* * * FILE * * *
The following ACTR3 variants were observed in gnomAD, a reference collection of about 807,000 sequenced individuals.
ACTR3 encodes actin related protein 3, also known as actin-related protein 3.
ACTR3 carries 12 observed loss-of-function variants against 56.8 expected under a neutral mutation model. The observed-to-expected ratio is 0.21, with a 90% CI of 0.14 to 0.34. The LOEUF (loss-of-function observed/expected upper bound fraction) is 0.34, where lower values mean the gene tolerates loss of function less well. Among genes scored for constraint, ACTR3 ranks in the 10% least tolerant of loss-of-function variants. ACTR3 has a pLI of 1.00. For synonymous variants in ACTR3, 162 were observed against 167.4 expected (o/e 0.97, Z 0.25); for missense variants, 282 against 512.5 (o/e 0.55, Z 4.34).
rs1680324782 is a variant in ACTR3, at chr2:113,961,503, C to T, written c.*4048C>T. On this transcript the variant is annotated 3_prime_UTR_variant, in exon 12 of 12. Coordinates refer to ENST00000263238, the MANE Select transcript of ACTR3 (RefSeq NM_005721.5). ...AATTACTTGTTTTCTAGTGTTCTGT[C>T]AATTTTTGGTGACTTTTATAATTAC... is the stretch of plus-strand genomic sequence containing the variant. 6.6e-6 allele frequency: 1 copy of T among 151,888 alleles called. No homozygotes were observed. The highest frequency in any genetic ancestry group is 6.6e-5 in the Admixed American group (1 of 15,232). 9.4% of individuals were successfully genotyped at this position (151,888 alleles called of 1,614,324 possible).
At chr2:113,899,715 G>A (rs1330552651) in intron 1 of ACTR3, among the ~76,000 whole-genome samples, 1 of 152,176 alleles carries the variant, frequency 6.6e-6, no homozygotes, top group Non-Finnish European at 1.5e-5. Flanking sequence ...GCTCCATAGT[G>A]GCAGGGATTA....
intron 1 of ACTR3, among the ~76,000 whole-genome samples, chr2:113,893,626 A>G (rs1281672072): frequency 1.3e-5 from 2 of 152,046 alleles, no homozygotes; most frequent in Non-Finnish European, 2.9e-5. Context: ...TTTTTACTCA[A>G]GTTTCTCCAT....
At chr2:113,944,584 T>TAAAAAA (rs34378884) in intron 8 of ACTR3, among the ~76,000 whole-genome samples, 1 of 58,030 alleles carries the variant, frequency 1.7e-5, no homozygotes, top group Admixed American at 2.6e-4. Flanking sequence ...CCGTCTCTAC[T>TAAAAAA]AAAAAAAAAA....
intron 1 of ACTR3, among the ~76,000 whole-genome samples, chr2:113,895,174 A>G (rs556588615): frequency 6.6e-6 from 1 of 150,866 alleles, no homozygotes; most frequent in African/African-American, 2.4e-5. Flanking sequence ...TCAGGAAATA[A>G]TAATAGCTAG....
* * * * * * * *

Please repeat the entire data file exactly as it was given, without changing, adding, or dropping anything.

The following ACTR3 variants were observed in gnomAD, a reference collection of about 807,000 sequenced individuals.
ACTR3 encodes actin related protein 3, also known as actin-related protein 3.
ACTR3 carries 12 observed loss-of-function variants against 56.8 expected under a neutral mutation model. The observed-to-expected ratio is 0.21, with a 90% CI of 0.14 to 0.34. The LOEUF (loss-of-function observed/expected upper bound fraction) is 0.34, where lower values mean the gene tolerates loss of function less well. Among genes scored for constraint, ACTR3 ranks in the 10% least tolerant of loss-of-function variants. ACTR3 has a pLI of 1.00. For synonymous variants in ACTR3, 162 were observed against 167.4 expected (o/e 0.97, Z 0.25); for missense variants, 282 against 512.5 (o/e 0.55, Z 4.34).
rs1680324782 is a variant in ACTR3, at chr2:113,961,503, C to T, written c.*4048C>T. On this transcript the variant is annotated 3_prime_UTR_variant, in exon 12 of 12. Coordinates refer to ENST00000263238, the MANE Select transcript of ACTR3 (RefSeq NM_005721.5). ...AATTACTTGTTTTCTAGTGTTCTGT[C>T]AATTTTTGGTGACTTTTATAATTAC... is the stretch of plus-strand genomic sequence containing the variant. 6.6e-6 allele frequency: 1 copy of T among 151,888 alleles called. No homozygotes were observed. The highest frequency in any genetic ancestry group is 6.6e-5 in the Admixed American group (1 of 15,232). 9.4% of individuals were successfully genotyped at this position (151,888 alleles called of 1,614,324 possible).
At chr2:113,899,715 G>A (rs1330552651) in intron 1 of ACTR3, among the ~76,000 whole-genome samples, 1 of 152,176 alleles carries the variant, frequency 6.6e-6, no homozygotes, top group Non-Finnish European at 1.5e-5. Flanking sequence ...GCTCCATAGT[G>A]GCAGGGATTA....
intron 1 of ACTR3, among the ~76,000 whole-genome samples, chr2:113,893,626 A>G (rs1281672072): frequency 1.3e-5 from 2 of 152,046 alleles, no homozygotes; most frequent in Non-Finnish European, 2.9e-5. Context: ...TTTTTACTCA[A>G]GTTTCTCCAT....
At chr2:113,944,584 T>TAAAAAA (rs34378884) in intron 8 of ACTR3, among the ~76,000 whole-genome samples, 1 of 58,030 alleles carries the variant, frequency 1.7e-5, no homozygotes, top group Admixed American at 2.6e-4. Flanking sequence ...CCGTCTCTAC[T>TAAAAAA]AAAAAAAAAA....
intron 1 of ACTR3, among the ~76,000 whole-genome samples, chr2:113,895,174 A>G (rs556588615): frequency 6.6e-6 from 1 of 150,866 alleles, no homozygotes; most frequent in African/African-American, 2.4e-5. Flanking sequence ...TCAGGAAATA[A>G]TAATAGCTAG....